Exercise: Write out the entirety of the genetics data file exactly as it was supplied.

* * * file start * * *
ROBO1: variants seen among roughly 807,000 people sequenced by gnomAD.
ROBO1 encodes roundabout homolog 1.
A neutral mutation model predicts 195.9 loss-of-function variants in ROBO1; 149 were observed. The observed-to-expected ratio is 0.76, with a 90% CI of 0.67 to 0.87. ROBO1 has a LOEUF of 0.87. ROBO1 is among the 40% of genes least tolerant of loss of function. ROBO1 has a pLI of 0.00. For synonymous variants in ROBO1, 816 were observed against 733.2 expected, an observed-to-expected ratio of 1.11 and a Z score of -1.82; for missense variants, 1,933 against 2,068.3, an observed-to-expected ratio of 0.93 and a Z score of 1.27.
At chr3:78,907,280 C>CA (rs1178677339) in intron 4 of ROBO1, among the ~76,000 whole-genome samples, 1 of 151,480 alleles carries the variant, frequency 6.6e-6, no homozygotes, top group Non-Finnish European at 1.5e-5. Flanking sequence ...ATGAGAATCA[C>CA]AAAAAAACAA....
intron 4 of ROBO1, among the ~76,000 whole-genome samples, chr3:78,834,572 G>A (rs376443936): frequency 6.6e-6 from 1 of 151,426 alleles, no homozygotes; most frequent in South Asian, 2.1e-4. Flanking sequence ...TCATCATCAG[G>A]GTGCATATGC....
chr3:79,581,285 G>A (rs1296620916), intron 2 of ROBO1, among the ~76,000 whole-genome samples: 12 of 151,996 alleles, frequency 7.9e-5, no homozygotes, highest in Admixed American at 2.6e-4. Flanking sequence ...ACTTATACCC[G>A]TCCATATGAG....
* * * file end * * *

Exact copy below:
ROBO1: variants seen among roughly 807,000 people sequenced by gnomAD.
ROBO1 encodes roundabout homolog 1.
A neutral mutation model predicts 195.9 loss-of-function variants in ROBO1; 149 were observed. The observed-to-expected ratio is 0.76, with a 90% CI of 0.67 to 0.87. ROBO1 has a LOEUF of 0.87. ROBO1 is among the 40% of genes least tolerant of loss of function. ROBO1 has a pLI of 0.00. For synonymous variants in ROBO1, 816 were observed against 733.2 expected, an observed-to-expected ratio of 1.11 and a Z score of -1.82; for missense variants, 1,933 against 2,068.3, an observed-to-expected ratio of 0.93 and a Z score of 1.27.
At chr3:78,907,280 C>CA (rs1178677339) in intron 4 of ROBO1, among the ~76,000 whole-genome samples, 1 of 151,480 alleles carries the variant, frequency 6.6e-6, no homozygotes, top group Non-Finnish European at 1.5e-5. Flanking sequence ...ATGAGAATCA[C>CA]AAAAAAACAA....
intron 4 of ROBO1, among the ~76,000 whole-genome samples, chr3:78,834,572 G>A (rs376443936): frequency 6.6e-6 from 1 of 151,426 alleles, no homozygotes; most frequent in South Asian, 2.1e-4. Flanking sequence ...TCATCATCAG[G>A]GTGCATATGC....
chr3:79,581,285 G>A (rs1296620916), intron 2 of ROBO1, among the ~76,000 whole-genome samples: 12 of 151,996 alleles, frequency 7.9e-5, no homozygotes, highest in Admixed American at 2.6e-4. Flanking sequence ...ACTTATACCC[G>A]TCCATATGAG....